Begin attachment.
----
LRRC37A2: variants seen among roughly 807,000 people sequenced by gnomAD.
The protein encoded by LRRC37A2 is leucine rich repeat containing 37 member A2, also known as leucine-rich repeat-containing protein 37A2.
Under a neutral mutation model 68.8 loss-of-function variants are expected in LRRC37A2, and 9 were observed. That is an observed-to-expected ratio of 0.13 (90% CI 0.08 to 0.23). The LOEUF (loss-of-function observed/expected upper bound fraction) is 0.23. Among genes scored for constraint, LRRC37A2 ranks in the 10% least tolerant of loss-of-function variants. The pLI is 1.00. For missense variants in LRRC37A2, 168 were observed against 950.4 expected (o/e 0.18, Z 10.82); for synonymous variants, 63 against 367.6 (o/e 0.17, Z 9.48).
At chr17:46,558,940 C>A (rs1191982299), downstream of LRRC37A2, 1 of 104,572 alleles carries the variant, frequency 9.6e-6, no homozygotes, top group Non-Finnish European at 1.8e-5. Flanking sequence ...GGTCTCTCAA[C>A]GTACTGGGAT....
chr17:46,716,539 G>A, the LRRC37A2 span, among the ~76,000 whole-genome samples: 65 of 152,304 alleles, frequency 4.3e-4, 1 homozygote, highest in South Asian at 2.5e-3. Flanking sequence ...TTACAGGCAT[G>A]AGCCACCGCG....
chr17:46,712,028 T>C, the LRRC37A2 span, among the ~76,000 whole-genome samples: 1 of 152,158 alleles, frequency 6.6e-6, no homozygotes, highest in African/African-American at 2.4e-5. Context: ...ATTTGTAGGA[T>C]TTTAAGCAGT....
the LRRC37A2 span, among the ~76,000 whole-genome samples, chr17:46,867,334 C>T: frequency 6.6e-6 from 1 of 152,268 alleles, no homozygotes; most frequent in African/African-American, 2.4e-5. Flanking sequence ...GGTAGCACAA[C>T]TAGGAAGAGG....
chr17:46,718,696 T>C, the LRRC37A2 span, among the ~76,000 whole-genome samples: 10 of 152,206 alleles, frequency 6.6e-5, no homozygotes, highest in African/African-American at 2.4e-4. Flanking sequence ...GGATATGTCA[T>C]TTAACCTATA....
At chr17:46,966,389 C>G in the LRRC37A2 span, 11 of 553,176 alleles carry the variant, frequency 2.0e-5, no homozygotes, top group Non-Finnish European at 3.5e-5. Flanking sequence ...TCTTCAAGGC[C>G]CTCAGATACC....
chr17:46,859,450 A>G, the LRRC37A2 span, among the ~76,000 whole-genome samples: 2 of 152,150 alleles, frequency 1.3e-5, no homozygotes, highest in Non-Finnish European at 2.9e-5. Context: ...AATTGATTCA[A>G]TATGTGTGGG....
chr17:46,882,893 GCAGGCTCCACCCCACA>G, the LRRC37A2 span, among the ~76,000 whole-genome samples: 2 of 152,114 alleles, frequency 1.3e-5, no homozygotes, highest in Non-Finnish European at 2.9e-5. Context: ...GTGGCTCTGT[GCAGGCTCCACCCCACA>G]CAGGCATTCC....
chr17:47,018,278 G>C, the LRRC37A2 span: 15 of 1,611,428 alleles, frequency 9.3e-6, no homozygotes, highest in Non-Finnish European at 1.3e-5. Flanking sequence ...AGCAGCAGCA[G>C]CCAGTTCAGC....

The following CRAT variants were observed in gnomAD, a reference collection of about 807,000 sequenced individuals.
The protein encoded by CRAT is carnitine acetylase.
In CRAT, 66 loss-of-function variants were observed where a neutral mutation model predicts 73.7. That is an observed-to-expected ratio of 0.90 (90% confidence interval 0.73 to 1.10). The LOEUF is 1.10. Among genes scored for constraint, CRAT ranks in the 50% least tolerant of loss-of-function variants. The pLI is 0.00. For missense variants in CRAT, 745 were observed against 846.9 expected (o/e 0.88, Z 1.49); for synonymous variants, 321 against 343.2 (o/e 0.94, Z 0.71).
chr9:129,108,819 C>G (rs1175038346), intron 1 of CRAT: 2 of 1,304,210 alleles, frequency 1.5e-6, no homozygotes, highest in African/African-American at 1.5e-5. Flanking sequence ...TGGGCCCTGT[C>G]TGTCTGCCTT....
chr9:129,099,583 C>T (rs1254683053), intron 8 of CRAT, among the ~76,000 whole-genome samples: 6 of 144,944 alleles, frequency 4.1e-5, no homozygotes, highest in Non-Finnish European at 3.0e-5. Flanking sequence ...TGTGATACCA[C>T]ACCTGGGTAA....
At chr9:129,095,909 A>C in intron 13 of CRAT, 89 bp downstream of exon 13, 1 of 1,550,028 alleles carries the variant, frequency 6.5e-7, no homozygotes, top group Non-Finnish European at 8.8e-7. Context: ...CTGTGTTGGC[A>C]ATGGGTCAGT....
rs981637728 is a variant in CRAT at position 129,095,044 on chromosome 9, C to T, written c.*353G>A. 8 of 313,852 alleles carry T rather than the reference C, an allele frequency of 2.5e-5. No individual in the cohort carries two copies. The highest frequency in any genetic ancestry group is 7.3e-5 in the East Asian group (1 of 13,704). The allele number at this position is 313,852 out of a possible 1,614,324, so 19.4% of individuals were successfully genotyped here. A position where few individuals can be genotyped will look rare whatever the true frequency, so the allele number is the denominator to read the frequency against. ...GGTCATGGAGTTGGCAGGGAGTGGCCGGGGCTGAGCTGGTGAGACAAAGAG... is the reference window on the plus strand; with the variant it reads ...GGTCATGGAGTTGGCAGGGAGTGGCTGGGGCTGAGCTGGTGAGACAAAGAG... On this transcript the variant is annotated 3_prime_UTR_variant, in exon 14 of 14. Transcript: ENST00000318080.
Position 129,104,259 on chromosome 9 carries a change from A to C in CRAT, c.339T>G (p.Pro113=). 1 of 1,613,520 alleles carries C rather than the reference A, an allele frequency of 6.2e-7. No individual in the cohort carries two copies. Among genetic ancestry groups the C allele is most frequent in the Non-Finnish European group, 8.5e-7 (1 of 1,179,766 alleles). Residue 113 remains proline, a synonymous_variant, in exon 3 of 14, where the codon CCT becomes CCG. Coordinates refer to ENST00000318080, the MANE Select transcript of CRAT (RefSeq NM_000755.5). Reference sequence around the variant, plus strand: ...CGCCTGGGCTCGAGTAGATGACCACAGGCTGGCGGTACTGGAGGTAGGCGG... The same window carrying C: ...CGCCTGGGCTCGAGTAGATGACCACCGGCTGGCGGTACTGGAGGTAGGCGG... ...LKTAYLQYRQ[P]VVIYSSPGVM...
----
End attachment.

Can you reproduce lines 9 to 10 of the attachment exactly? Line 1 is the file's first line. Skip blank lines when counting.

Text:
At chr17:46,966,389 C>G in the LRRC37A2 span, 11 of 553,176 alleles carry the variant, frequency 2.0e-5, no homozygotes, top group Non-Finnish European at 3.5e-5. Flanking sequence ...TCTTCAAGGC[C>G]CTCAGATACC....
chr17:46,859,450 A>G, the LRRC37A2 span, among the ~76,000 whole-genome samples: 2 of 152,150 alleles, frequency 1.3e-5, no homozygotes, highest in Non-Finnish European at 2.9e-5. Context: ...AATTGATTCA[A>G]TATGTGTGGG....